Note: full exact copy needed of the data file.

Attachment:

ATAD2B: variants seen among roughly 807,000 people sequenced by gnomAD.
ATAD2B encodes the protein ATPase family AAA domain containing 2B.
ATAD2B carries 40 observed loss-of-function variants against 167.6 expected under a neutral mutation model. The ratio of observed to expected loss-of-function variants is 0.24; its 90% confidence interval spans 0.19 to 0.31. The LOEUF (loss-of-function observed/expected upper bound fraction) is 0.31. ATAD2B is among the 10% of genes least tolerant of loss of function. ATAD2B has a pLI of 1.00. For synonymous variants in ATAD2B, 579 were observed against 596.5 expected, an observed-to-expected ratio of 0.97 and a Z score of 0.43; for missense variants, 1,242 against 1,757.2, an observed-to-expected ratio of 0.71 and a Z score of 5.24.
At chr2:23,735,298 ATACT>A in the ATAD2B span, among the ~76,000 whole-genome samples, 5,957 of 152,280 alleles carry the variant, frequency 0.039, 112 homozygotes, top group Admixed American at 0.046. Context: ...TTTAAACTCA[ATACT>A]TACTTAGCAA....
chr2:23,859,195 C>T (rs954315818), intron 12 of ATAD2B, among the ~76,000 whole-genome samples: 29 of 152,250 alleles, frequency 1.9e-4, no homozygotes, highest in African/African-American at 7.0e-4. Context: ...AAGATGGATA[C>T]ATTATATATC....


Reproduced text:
ATAD2B: variants seen among roughly 807,000 people sequenced by gnomAD.
ATAD2B encodes the protein ATPase family AAA domain containing 2B.
ATAD2B carries 40 observed loss-of-function variants against 167.6 expected under a neutral mutation model. The ratio of observed to expected loss-of-function variants is 0.24; its 90% confidence interval spans 0.19 to 0.31. The LOEUF (loss-of-function observed/expected upper bound fraction) is 0.31. ATAD2B is among the 10% of genes least tolerant of loss of function. ATAD2B has a pLI of 1.00. For synonymous variants in ATAD2B, 579 were observed against 596.5 expected, an observed-to-expected ratio of 0.97 and a Z score of 0.43; for missense variants, 1,242 against 1,757.2, an observed-to-expected ratio of 0.71 and a Z score of 5.24.
At chr2:23,735,298 ATACT>A in the ATAD2B span, among the ~76,000 whole-genome samples, 5,957 of 152,280 alleles carry the variant, frequency 0.039, 112 homozygotes, top group Admixed American at 0.046. Context: ...TTTAAACTCA[ATACT>A]TACTTAGCAA....
chr2:23,859,195 C>T (rs954315818), intron 12 of ATAD2B, among the ~76,000 whole-genome samples: 29 of 152,250 alleles, frequency 1.9e-4, no homozygotes, highest in African/African-American at 7.0e-4. Context: ...AAGATGGATA[C>T]ATTATATATC....